Here's the Total Cost of a Furnace

Technician working on a furnace - Thomas & Galbraith Heating, Cooling, & Plumbing

Furnace cost varies, but homeowners want a reliable source to help with prices. What’s a reasonable price for a furnace? For every homeowner, the price of a furnace depends on a few different factors. However, there are a couple of trends to know about before you take the leap.

In Cincinnati, Ohio, Thomas & Galbraith helps sort through all the information out there. We tell you about the different kinds of furnaces, how much each of them cost, and how to spend less on heat in the long run. Plus, we let you know what pitfalls to look out for and how to avoid them.

Furnace Types

Furnaces come in three main types. The furnaces use different forms of energy to work. This impacts the furnace cost, but the systems themselves have their own price points. Maintenance and initial cost are both important to consider when you pick a furnace. Think about where you want your money to go when you decide on a furnace type.

Oil

Oil furnaces are the rarest of the three types. Because of the negative impact oil has on the environment, these units are the most expensive to purchase and maintain. As oil supplies deplete, the cost becomes higher and higher. This means upkeep becomes more expensive the longer you have the system.

These systems usually cost between the low thousands and the high thousands. In some cases, the unit itself—without installation—costs well over a few thousand dollars. With the installation, prices reach the high thousands. The furnace cost also doesn’t reflect well on their lifespan. Oil systems only last between 16 and 20 years.

One major benefit lies with the oil itself. Compared to natural gas, oil is less flammable. This makes the system a little bit safer than a gas furnace on this front.

Electric

Electric furnaces are the second most common type. Most homeowners in warmer areas have an electric furnace. Places where winters are harsh don’t benefit much from electric furnaces because they take a long time to heat an entire home. However, for those places with mild winters, an electric furnace works extremely well.

The furnace cost falls right in the middle of oil and gas systems. Most electric furnaces—without installation—cost a few hundred dollars to the low thousands. With installation, the price doesn’t go much higher than the low thousands. Upkeep does cost more than a gas furnace, but this depends on how much electricity costs in your area. In general, homeowners fix issues with electric furnaces on their own, which also lowers maintenance costs.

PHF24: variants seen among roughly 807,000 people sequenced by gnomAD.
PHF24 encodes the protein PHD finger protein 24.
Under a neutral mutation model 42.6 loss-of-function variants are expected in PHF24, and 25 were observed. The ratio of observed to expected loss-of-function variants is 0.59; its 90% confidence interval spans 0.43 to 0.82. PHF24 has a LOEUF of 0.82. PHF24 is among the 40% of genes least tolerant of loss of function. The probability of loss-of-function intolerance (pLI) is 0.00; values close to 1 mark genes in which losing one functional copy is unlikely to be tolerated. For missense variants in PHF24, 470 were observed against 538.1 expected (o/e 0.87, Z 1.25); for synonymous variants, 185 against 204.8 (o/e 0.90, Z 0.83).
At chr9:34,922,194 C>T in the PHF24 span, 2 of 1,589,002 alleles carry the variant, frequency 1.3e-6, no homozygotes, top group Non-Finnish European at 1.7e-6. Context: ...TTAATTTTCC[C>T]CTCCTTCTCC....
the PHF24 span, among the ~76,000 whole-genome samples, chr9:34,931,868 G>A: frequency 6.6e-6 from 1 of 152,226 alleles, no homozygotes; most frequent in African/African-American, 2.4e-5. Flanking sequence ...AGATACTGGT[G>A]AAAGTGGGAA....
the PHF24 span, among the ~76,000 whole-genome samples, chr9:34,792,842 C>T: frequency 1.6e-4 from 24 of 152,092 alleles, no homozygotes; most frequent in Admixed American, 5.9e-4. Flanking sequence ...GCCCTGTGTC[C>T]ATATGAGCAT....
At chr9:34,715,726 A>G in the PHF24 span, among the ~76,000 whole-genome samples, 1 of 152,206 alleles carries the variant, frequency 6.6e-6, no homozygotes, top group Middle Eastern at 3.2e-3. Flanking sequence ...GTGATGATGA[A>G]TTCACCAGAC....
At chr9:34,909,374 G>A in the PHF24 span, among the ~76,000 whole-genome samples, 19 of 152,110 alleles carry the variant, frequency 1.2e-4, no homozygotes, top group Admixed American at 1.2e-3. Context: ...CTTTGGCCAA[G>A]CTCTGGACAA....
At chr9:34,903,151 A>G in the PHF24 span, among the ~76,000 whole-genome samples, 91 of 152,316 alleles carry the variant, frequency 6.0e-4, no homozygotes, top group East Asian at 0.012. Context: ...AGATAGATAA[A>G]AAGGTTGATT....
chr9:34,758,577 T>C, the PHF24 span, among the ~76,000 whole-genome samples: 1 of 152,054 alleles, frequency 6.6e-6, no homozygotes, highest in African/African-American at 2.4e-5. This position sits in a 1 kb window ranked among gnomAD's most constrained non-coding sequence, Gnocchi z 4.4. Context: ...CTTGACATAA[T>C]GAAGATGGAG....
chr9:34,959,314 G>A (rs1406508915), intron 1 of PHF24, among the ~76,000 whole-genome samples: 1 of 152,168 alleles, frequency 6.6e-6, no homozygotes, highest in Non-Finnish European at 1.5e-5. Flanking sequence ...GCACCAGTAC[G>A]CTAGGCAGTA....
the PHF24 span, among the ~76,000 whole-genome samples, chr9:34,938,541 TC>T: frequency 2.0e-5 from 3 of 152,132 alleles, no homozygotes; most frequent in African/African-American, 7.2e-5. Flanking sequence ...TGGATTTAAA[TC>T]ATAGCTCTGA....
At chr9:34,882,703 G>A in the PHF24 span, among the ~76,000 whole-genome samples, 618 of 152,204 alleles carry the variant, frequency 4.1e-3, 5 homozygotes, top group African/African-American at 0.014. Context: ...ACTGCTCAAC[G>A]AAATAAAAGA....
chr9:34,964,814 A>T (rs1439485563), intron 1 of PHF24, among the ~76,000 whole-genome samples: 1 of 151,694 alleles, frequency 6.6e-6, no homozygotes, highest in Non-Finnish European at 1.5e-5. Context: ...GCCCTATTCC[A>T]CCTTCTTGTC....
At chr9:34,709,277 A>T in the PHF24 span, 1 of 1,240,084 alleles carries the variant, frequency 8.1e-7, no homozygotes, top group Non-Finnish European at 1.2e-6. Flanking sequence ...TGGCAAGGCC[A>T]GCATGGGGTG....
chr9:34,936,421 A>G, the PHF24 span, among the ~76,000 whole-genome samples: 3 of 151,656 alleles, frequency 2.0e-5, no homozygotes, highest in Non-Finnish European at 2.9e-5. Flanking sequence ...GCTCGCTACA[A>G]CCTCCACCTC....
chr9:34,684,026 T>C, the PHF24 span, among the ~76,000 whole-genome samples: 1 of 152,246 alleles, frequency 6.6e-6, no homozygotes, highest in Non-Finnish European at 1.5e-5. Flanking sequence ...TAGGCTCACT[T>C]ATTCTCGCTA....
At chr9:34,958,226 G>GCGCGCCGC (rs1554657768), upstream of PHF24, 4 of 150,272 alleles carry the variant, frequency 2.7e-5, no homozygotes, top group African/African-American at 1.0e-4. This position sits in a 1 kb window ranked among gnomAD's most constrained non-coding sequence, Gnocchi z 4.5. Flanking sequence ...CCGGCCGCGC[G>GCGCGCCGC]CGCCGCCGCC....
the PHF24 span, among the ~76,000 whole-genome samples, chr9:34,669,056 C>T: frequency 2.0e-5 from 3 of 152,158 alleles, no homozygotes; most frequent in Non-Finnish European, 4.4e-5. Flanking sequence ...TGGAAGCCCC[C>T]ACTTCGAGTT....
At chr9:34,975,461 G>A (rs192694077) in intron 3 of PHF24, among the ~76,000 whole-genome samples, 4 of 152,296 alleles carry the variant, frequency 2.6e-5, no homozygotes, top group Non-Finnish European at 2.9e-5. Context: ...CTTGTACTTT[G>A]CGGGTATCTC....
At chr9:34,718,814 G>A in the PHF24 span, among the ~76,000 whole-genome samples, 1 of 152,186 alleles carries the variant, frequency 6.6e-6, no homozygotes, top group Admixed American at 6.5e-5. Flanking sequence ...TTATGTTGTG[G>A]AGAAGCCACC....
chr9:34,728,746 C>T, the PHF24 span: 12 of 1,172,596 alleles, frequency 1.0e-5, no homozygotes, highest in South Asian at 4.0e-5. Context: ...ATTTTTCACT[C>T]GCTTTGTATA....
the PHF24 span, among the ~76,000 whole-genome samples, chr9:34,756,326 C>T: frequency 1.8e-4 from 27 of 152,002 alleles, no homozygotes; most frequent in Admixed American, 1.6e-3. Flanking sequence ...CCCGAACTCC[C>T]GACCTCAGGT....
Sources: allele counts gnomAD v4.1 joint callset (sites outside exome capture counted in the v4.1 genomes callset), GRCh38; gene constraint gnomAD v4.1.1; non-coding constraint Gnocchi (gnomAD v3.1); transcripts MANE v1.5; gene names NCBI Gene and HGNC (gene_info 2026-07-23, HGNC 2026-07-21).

Of course, there is always a chance you use the furnace more than you expect. In these cases, you end up with a higher utility bill. Still, these systems last up to 30 years, which is the longest out of all three systems.

Gas

Finally, natural gas furnaces are the most common kind of furnace. For those in places with harsh or long-lasting winters, a gas furnace provides constant warmth with relative speed. The furnace cost itself ranges in the low thousands and doesn’t reach much higher even after installation. Problems with a well maintained gas furnace are rare, but are easy for homeowners troubleshoot before calling for help.

Additionally, gas furnaces have a lifespan of approximately 10 to 20 years. Over the course of its life, the homeowners must purchase gas to power the system. The cost of natural gas varies per location, but in general it costs less than electric furnaces. The downside here stems from the environmental impact of the gas. 

Similarly, homeowners must monitor their gas systems more closely because of the risk of gas leaks. Gas is combustible and flammable, so it’s important to check for leaks often. Lastly, homes without gas lines receive an additional charge to install a line.

Remember to think about all aspects of the furnace before you make a decision. Do you want to spend a higher upfront cost? Or do you want to spend more on upkeep? These are important questions to ask yourself before you pick out a new furnace. Also, consider the availability of gas and oil in the future. Because these are nonrenewable resources, the costs of operation are likely to increase over the years. 

Efficiency & Furnace Cost

Efficient furnaces cost less over long periods of time. When the furnace is efficient, it uses less power, which lowers costs no matter which power source you use. Pick a furnace with the newest technology to ensure its efficiency. Luckily, if you are in the market for a new furnace, whichever one you pick has more efficiency than the one you replace. New technology for furnace efficiency is made every year, so you automatically receive a more efficient model. 

These are the best ways to keep your furnace efficient and lower the furnace cost overall.